Proving Prejudice for Ineffective Assistance Claims After Frye

5 Pages Posted: 25 Oct 2012

See all articles by Carissa Byrne Hessick

Carissa Byrne Hessick

University of North Carolina School of Law

Date Written: October 1, 2012


The Supreme Court’s recent decision in Missouri v. Frye has been widely described as benefiting criminal defendants. While Frye expanded the pool of defendants who are eligible to bring ineffective assistance claims to those who were deprived of a favorable plea bargain, it may have made it more difficult for those defendants to prevail on those claims by increasing the necessary showing of prejudice. In particular, the Frye Court indicated that a defendant must demonstrate not only that she would have accepted the plea deal, but also that 'the plea would have been entered without the prosecution canceling it or the trial court refusing to accept it.' This language may encourage lower courts to raise the bar for defendants claiming ineffective assistance. As this short commentary demonstrates, a number of federal courts have imposed heightened prejudice standards on defendants claiming ineffective assistance at sentencing. The prejudice language in Frye may help to solidify what appears to be a broader trend of defendants being asked to prove too much to establish prejudice.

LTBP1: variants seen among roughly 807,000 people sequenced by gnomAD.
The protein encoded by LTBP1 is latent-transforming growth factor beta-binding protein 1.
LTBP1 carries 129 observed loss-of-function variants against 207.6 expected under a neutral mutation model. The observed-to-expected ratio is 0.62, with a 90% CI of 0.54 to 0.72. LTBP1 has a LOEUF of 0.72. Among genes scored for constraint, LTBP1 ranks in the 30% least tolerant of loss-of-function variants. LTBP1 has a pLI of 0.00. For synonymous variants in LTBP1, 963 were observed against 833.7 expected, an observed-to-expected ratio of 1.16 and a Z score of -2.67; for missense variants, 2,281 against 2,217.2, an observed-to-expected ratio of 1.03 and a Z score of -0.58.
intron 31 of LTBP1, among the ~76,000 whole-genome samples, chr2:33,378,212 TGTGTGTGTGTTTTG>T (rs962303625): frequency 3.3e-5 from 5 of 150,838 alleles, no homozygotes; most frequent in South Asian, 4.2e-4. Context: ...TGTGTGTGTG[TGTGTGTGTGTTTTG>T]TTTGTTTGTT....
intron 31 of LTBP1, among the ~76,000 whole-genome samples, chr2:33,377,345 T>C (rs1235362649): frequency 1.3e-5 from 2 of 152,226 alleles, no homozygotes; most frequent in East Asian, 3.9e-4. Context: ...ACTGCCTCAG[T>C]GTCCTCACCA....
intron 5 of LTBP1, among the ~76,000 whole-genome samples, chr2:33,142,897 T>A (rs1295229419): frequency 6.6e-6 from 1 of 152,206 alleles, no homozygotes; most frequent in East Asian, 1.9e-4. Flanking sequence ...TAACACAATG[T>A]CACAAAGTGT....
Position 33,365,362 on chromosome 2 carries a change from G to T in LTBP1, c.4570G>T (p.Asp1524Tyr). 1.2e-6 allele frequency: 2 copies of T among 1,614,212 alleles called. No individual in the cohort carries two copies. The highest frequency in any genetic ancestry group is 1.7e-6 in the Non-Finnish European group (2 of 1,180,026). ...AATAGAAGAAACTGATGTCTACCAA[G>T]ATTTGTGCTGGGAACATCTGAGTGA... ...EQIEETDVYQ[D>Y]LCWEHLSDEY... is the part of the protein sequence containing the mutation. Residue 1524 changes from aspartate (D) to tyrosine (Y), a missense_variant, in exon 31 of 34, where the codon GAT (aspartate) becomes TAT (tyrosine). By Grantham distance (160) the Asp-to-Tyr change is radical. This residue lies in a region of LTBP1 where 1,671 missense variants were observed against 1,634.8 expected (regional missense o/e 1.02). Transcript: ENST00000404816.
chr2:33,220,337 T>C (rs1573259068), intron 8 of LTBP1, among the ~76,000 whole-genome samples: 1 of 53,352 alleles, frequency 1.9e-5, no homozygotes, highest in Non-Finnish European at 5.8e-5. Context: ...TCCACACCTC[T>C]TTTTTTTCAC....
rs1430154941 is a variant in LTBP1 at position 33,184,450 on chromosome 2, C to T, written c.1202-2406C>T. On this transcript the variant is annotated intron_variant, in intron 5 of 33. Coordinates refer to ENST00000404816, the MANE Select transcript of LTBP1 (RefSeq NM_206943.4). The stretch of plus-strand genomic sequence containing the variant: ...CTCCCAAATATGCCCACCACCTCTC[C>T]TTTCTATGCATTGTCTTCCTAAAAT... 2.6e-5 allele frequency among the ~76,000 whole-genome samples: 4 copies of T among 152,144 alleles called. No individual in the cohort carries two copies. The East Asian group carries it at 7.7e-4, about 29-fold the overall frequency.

Keywords: ineffective assistance, right to counsel, sentencing, prejudice

Suggested Citation

Hessick, Carissa Byrne, Proving Prejudice for Ineffective Assistance Claims After Frye (October 1, 2012). Federal Sentencing Reporter, Vol. 5, December 2012. Available at SSRN:

Carissa Byrne Hessick (Contact Author)

University of North Carolina School of Law ( email )

Van Hecke-Wettach Hall, 160 Ridge Road
CB #3380
Chapel Hill, NC 27599-3380
United States

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